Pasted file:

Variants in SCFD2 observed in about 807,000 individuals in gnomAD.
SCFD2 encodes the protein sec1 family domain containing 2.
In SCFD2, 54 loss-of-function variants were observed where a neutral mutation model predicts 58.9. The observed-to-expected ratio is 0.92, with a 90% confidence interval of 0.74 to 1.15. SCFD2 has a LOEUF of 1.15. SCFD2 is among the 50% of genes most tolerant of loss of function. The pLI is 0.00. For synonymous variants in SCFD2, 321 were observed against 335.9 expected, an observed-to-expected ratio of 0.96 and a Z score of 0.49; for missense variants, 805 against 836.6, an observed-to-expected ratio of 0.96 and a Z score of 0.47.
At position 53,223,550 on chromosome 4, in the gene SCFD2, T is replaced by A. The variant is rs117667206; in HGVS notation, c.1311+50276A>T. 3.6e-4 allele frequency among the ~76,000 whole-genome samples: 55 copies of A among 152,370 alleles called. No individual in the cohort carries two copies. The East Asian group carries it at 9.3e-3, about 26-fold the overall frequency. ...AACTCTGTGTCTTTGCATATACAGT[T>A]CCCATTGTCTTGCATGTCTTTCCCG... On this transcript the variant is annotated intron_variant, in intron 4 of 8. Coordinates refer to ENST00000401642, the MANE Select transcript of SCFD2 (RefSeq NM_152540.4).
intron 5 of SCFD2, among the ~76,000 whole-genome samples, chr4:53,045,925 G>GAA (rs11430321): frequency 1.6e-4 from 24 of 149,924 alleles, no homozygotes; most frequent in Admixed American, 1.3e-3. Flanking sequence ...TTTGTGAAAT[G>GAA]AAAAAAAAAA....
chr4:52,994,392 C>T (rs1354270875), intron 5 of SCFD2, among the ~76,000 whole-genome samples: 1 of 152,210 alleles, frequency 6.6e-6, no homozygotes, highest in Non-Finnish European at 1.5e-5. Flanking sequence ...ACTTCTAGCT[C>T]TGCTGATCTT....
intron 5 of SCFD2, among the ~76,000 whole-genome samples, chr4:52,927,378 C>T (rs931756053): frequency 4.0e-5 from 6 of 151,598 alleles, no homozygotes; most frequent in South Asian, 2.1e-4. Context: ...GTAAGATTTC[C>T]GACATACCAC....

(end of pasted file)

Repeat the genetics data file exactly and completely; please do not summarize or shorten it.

Variants in SCFD2 observed in about 807,000 individuals in gnomAD.
SCFD2 encodes the protein sec1 family domain containing 2.
In SCFD2, 54 loss-of-function variants were observed where a neutral mutation model predicts 58.9. The observed-to-expected ratio is 0.92, with a 90% confidence interval of 0.74 to 1.15. SCFD2 has a LOEUF of 1.15. SCFD2 is among the 50% of genes most tolerant of loss of function. The pLI is 0.00. For synonymous variants in SCFD2, 321 were observed against 335.9 expected, an observed-to-expected ratio of 0.96 and a Z score of 0.49; for missense variants, 805 against 836.6, an observed-to-expected ratio of 0.96 and a Z score of 0.47.
At position 53,223,550 on chromosome 4, in the gene SCFD2, T is replaced by A. The variant is rs117667206; in HGVS notation, c.1311+50276A>T. 3.6e-4 allele frequency among the ~76,000 whole-genome samples: 55 copies of A among 152,370 alleles called. No individual in the cohort carries two copies. The East Asian group carries it at 9.3e-3, about 26-fold the overall frequency. ...AACTCTGTGTCTTTGCATATACAGT[T>A]CCCATTGTCTTGCATGTCTTTCCCG... On this transcript the variant is annotated intron_variant, in intron 4 of 8. Coordinates refer to ENST00000401642, the MANE Select transcript of SCFD2 (RefSeq NM_152540.4).
intron 5 of SCFD2, among the ~76,000 whole-genome samples, chr4:53,045,925 G>GAA (rs11430321): frequency 1.6e-4 from 24 of 149,924 alleles, no homozygotes; most frequent in Admixed American, 1.3e-3. Flanking sequence ...TTTGTGAAAT[G>GAA]AAAAAAAAAA....
chr4:52,994,392 C>T (rs1354270875), intron 5 of SCFD2, among the ~76,000 whole-genome samples: 1 of 152,210 alleles, frequency 6.6e-6, no homozygotes, highest in Non-Finnish European at 1.5e-5. Flanking sequence ...ACTTCTAGCT[C>T]TGCTGATCTT....
intron 5 of SCFD2, among the ~76,000 whole-genome samples, chr4:52,927,378 C>T (rs931756053): frequency 4.0e-5 from 6 of 151,598 alleles, no homozygotes; most frequent in South Asian, 2.1e-4. Context: ...GTAAGATTTC[C>T]GACATACCAC....